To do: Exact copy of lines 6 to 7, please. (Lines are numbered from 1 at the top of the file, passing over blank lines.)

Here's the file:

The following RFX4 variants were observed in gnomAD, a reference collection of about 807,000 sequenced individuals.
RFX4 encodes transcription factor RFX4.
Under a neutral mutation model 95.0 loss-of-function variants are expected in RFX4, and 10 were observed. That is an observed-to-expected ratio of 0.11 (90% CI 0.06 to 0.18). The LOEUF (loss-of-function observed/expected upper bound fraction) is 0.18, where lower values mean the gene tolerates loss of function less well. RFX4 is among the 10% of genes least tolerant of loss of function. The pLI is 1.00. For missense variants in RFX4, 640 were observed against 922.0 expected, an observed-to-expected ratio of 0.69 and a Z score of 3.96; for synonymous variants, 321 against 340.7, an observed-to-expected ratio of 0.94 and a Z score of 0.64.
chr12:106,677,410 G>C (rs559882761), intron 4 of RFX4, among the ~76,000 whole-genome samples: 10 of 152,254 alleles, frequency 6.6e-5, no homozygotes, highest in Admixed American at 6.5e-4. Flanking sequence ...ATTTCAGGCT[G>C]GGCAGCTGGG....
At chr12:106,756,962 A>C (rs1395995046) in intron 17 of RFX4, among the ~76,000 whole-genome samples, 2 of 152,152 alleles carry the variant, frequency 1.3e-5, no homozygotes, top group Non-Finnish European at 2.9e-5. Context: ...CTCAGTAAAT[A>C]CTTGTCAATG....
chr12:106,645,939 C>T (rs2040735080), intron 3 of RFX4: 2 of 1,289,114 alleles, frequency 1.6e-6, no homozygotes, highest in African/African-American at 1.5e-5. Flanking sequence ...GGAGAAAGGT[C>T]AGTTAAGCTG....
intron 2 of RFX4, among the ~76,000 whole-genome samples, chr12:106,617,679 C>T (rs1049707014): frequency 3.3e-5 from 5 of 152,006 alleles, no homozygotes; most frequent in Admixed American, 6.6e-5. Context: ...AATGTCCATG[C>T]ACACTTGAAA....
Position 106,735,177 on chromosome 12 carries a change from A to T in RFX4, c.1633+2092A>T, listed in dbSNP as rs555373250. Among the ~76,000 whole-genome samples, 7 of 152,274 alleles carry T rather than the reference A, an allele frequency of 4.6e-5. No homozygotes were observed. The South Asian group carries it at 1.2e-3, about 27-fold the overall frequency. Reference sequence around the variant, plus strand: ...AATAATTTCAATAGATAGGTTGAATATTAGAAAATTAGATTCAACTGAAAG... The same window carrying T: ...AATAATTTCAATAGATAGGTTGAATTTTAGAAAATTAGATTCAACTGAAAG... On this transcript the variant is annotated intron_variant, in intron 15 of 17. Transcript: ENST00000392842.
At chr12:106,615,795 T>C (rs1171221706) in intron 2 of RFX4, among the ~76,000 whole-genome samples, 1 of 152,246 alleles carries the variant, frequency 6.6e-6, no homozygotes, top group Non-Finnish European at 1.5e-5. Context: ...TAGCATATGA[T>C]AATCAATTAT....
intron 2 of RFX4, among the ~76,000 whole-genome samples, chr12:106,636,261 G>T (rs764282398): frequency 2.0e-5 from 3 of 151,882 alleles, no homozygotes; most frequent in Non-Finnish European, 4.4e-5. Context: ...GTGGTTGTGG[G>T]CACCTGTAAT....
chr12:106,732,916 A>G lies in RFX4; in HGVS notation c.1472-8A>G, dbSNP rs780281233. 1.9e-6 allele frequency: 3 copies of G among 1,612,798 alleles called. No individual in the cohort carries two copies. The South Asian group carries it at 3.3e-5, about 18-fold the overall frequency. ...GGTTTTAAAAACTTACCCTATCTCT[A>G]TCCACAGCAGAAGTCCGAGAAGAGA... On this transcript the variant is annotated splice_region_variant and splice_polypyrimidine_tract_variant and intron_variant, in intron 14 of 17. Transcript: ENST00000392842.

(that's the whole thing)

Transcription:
chr12:106,645,939 C>T (rs2040735080), intron 3 of RFX4: 2 of 1,289,114 alleles, frequency 1.6e-6, no homozygotes, highest in African/African-American at 1.5e-5. Flanking sequence ...GGAGAAAGGT[C>T]AGTTAAGCTG....
intron 2 of RFX4, among the ~76,000 whole-genome samples, chr12:106,617,679 C>T (rs1049707014): frequency 3.3e-5 from 5 of 152,006 alleles, no homozygotes; most frequent in Admixed American, 6.6e-5. Context: ...AATGTCCATG[C>T]ACACTTGAAA....